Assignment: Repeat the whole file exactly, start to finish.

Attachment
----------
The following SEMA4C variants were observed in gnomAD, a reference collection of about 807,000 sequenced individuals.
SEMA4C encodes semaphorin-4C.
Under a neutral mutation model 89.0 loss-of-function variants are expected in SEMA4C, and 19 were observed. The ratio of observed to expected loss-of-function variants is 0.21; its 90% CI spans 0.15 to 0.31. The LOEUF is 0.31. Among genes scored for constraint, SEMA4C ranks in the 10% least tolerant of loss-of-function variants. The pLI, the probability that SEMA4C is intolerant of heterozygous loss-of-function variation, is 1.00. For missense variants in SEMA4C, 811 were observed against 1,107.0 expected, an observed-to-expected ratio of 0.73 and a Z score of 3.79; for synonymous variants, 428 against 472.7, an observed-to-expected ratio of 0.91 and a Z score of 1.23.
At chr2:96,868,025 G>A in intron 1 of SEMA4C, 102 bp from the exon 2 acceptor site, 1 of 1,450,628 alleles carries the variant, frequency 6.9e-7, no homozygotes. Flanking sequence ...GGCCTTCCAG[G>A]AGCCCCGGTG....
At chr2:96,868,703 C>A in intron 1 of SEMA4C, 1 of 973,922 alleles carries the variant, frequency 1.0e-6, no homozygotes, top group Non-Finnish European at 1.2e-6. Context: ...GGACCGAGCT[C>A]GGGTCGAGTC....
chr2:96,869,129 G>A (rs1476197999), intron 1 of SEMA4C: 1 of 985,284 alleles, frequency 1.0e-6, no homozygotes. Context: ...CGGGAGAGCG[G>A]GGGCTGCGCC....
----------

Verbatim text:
The following SEMA4C variants were observed in gnomAD, a reference collection of about 807,000 sequenced individuals.
SEMA4C encodes semaphorin-4C.
Under a neutral mutation model 89.0 loss-of-function variants are expected in SEMA4C, and 19 were observed. The ratio of observed to expected loss-of-function variants is 0.21; its 90% CI spans 0.15 to 0.31. The LOEUF is 0.31. Among genes scored for constraint, SEMA4C ranks in the 10% least tolerant of loss-of-function variants. The pLI, the probability that SEMA4C is intolerant of heterozygous loss-of-function variation, is 1.00. For missense variants in SEMA4C, 811 were observed against 1,107.0 expected, an observed-to-expected ratio of 0.73 and a Z score of 3.79; for synonymous variants, 428 against 472.7, an observed-to-expected ratio of 0.91 and a Z score of 1.23.
At chr2:96,868,025 G>A in intron 1 of SEMA4C, 102 bp from the exon 2 acceptor site, 1 of 1,450,628 alleles carries the variant, frequency 6.9e-7, no homozygotes. Flanking sequence ...GGCCTTCCAG[G>A]AGCCCCGGTG....
At chr2:96,868,703 C>A in intron 1 of SEMA4C, 1 of 973,922 alleles carries the variant, frequency 1.0e-6, no homozygotes, top group Non-Finnish European at 1.2e-6. Context: ...GGACCGAGCT[C>A]GGGTCGAGTC....
chr2:96,869,129 G>A (rs1476197999), intron 1 of SEMA4C: 1 of 985,284 alleles, frequency 1.0e-6, no homozygotes. Context: ...CGGGAGAGCG[G>A]GGGCTGCGCC....